Don’t let your guard down on questing ticks in the south

A study by Arsnoe and colleagues [1] suggested that ticks in the Southern USA behave differently than in the Northern USA. They found fewer questing ticks in the Southern USA than the the Northern USA. The answer could be that Southern ticks are not as likely to quest during the hottest and driest months.

 

by Daniel J. Cameron, MD MPH

Scientists have been trying to understand whether there are behavior differences between southern and northern nymphs in a study in PLoS One.[1]

Investigators from the Department of Fisheries and Wildlife, Michigan State University set up a model to compare Ixodes scapularis nymphs from northern regions (Wisconsin and Rhode Island) with those in southern regions (Tennessee and Florida). They monitored nymphal ticks within a 0.2 meter area ─ just over 2 square feet explains Arsnoe from the Department of Fisheries and Wildlife, Michigan State University, East Lansing, Michigan, USA. [1]

Wooden dowels which mimicked the stems of understory vegetation were set up and the behavior of nymphal ticks was monitored for 10 weeks from May to July 2011. The study was repeated for 19 weeks from mid-May until mid-September 2012.

Arsnoe and colleagues found there were more questing ticks in the North than the South as identified by dragging a cloth within the 0.2 meter area.

Ticks seek hosts by a behaviour called “questing.” Questing ticks crawl up the stems of grass or perch on the edges of leaves on the ground with the front legs extended waiting to latch onto a host passing by.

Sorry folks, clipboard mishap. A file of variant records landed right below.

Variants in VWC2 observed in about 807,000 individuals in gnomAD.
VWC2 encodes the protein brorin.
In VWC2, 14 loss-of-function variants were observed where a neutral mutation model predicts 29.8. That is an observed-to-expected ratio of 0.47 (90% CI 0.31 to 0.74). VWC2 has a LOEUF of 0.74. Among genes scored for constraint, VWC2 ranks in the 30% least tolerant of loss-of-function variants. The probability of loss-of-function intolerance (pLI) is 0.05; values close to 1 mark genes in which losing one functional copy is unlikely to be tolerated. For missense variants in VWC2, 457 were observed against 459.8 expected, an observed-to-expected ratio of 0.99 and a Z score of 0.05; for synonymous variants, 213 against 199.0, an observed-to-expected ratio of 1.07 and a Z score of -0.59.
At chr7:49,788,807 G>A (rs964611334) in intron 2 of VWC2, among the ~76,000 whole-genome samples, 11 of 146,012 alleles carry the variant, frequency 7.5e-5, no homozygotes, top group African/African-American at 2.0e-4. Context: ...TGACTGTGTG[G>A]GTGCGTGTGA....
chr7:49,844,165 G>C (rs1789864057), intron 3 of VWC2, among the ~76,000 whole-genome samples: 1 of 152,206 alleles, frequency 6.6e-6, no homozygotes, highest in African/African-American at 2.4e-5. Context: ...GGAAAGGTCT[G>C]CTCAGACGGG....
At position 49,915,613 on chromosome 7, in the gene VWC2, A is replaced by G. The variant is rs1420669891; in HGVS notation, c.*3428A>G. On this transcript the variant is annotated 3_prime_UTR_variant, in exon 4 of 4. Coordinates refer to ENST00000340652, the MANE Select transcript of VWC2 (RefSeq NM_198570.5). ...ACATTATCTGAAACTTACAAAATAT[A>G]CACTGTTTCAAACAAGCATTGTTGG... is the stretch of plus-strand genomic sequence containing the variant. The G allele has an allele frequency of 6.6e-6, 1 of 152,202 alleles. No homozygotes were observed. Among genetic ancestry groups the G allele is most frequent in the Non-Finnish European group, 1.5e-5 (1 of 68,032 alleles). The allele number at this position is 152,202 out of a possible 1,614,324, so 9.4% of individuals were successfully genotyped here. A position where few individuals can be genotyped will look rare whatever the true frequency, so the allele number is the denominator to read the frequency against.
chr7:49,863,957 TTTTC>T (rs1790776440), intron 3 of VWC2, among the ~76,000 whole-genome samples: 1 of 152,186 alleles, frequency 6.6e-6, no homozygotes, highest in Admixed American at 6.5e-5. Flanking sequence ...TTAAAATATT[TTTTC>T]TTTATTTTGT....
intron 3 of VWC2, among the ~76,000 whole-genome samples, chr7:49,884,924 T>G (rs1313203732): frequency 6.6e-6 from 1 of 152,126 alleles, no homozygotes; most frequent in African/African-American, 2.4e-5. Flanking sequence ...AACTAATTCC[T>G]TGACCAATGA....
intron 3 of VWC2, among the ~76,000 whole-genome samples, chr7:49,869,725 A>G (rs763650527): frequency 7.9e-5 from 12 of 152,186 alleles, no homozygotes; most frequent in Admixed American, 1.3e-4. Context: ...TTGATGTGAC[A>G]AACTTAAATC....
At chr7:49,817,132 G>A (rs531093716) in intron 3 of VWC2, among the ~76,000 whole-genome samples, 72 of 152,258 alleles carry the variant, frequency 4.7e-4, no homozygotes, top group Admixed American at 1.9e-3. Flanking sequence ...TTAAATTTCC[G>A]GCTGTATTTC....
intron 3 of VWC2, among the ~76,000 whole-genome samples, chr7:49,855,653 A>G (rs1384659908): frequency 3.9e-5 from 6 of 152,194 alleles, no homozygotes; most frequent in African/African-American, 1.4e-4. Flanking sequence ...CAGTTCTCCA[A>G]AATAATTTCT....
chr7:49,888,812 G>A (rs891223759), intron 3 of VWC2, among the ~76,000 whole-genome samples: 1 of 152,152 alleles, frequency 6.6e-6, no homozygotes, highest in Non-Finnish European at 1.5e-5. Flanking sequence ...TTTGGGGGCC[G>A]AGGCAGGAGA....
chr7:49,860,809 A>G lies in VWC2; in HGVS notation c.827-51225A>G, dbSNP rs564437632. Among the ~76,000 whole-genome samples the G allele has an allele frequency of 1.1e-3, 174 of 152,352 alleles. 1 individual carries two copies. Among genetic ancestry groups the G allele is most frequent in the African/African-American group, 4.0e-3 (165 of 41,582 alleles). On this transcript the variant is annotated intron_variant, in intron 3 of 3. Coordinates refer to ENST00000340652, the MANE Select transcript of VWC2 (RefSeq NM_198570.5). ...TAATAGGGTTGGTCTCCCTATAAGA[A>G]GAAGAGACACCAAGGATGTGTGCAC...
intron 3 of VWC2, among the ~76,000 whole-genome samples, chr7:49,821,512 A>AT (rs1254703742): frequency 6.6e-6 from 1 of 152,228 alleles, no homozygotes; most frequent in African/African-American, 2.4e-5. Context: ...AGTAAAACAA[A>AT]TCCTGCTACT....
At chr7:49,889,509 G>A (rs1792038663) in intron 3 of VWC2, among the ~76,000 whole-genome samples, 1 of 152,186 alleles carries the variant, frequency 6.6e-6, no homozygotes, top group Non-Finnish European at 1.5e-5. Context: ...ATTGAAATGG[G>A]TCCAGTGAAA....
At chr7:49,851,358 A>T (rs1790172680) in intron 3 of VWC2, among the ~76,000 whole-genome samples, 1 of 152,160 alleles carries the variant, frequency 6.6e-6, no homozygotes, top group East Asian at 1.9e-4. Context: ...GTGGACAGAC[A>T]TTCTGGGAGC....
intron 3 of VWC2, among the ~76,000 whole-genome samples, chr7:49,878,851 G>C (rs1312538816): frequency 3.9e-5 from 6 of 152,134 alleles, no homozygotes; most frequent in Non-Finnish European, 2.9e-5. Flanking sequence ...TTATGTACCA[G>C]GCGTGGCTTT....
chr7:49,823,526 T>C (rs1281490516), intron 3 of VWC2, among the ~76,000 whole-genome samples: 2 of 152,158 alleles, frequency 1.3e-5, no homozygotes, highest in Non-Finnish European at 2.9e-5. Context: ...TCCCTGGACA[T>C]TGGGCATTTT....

The authors suggested that there were behavioral differences between the southern and northern ticks.  “The hypothesis goes that there are behavior differences between northern and southern nymphs that alter how readily they are collected, and how likely they are to transmit the etiological agent of Lyme disease to humans.” according to Arsnoe. [1]  He added. “Our findings suggest that southern origin I. scapularis nymphs rarely emerge from the leaf litter, and consequently are unlikely to contact passing humans.”

So if ticks were not questing in the Southern, as the Arsnoe study suggests, how do we explain the cases of Lyme disease in that region?

The answer could be that Southern ticks are not as likely to quest during the hottest and driest  months. The investigators were flagging for questing ticks during mid-May to mid-September.  Arsnoe granted in his discussion that ticks are less likely to quest when the weather is hot and dry. “In general, ticks quest more often and higher when ambient air is less desiccating (i.e., high humidity and/or lower temperature).” This is presumably due to I. scapularis’ intolerance to dry conditions.

In fact, I. scapularis tick bites were only reported in a Mississippi study from from October to April when the weather was not so hot and dry. [2]

In other words, the behavioral differences between southern and northern ticks described by Arsnoe could merely reflect the reluctance of a tick to quest when the weather is hot and dry.  It would be reasonable to look out for ticks in the South from October to April, when the weather is not so hot and dry.

 

References:

1. Arsnoe IM, Hickling GJ, Ginsberg HS, McElreath R, Tsao JI. Different populations of blacklegged tick nymphs exhibit differences in questing behavior that have implications for human lyme disease risk. PLoS One. 2015;10(5):e0127450.
2. Goddard J, Varela-Stokes A, Finley R. Lyme disease-like illnesses in the south. J Miss State Med Assoc. 2012;53(3):68-69, 71-62.


No Replies to "Don’t let your guard down on questing ticks in the south"


    Got something to say?

    Some html is OK